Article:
May 26th

An investigation by Ombudsman Peter Tyndall has found that people are afraid to complain about the care and treatment they receive in hospitals because they are concerned about the repercussions for themselves or their loved ones.

The investigation also found that people do not complain as they do not believe it would make any difference. The report of the investigation, Learning to Get Better, was published today, Wednesday 27 May. The Ombudsman carried out the investigation as he was concerned that his Office was receiving very few complaints about the healthcare system compared with Ombudsman offices in other countries.

Speaking at a seminar to launch the report the Ombudsman said:

"Complaints are a vital early warning system for hospitals and other health services. I wonder if the tragic events seen in Áras Attracta and the Midlands Hospital Portlaoise, could have been avoided if those complaints that were made were dealt with properly."

The seminar was also addressed by Sir Robert Francis, author of the seminal report into the failures at the Mid Staffordshire NHS Trust in the UK, and by Tony O'Brien, Director General of the HSE, who set out how the HSE intends to improve complaint handling in public hospitals.
The Ombudsman has recommended that the HSE and each hospital put an action plan in place to:

  • Make it easy for people to complain
  • Ensure that people have access to an effective independent advocacy service
  • Establish a single, consistent complaints system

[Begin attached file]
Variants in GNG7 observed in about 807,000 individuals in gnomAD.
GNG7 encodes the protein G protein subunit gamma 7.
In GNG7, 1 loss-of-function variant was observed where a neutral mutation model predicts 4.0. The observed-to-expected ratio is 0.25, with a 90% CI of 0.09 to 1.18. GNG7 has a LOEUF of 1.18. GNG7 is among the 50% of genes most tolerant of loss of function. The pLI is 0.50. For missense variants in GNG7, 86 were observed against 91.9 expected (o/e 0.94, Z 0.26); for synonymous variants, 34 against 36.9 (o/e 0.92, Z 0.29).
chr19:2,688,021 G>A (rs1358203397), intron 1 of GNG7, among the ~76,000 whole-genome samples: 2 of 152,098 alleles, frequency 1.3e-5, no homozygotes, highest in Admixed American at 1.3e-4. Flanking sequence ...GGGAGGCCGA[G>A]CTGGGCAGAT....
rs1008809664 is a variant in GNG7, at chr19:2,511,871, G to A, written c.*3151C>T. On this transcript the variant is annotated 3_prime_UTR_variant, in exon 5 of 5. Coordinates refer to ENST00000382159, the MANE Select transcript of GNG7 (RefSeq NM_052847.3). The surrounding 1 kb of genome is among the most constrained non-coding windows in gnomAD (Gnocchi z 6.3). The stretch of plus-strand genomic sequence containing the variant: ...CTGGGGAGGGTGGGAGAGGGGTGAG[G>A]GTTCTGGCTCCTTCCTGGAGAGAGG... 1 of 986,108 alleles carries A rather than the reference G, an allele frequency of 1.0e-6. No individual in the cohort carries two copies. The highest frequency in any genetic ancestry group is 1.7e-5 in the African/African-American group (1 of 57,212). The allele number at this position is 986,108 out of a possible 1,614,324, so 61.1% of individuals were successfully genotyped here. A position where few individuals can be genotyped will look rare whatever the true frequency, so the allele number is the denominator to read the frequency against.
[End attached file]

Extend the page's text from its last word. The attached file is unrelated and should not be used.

• Investigate the most serious complaints independently.


The Office of the Ombudsman will be monitoring the implementation of the action plans to ensure that improvement is achieved and sustained. The report follows an extensive investigation by the Ombudsman's Office which listened to the public, hospital staff, representative groups, and involved site visits to a selection of hospitals.

Today's seminar was attended by representatives of the HSE, the Department of Health, health groups, and almost all hospital groups and major hospitals.
The Ombudsman's report, 'Learning to Get Better - How Public Hospitals Handle Complaints' is available on the Ombudsman's website.


'Learning to Get Better' is the first 'own initiative' investigation by the Ombudsman since the Office was established over 30 years ago. Complaints to the Ombudsman about healthcare represent 20% of all complaints received. This is very low compared with other jurisdictions such as Northern Ireland (over 60% investigated) and the UK Parliamentary and Health Services Ombudsman (80%).

The Ombudsman set out to find out why. The investigation was the most extensive investigation carried out by the Office and involved surveys of all public hospitals, site visits to a sample of hospitals, interviews with front line and senior hospital staff, focus groups with members of the public, consultations with health sector and advocacy groups, and a review of complaints dealt with by some hospitals.

The investigation discovered that many users of hospital services:

  • are afraid to complain because of possible repercussions for their own or their loved one's treatment
  • do not believe anything would change as a result of complaining
  • find it difficult to discover how to complain and are frustrated at delays, incomplete answers and failure to provide proper apologies. 

As a result, the Ombudsman has made a number of recommendations, and has asked the HSE and each of the voluntary hospitals, to develop an action plan in order to monitor the implementation of his recommendations.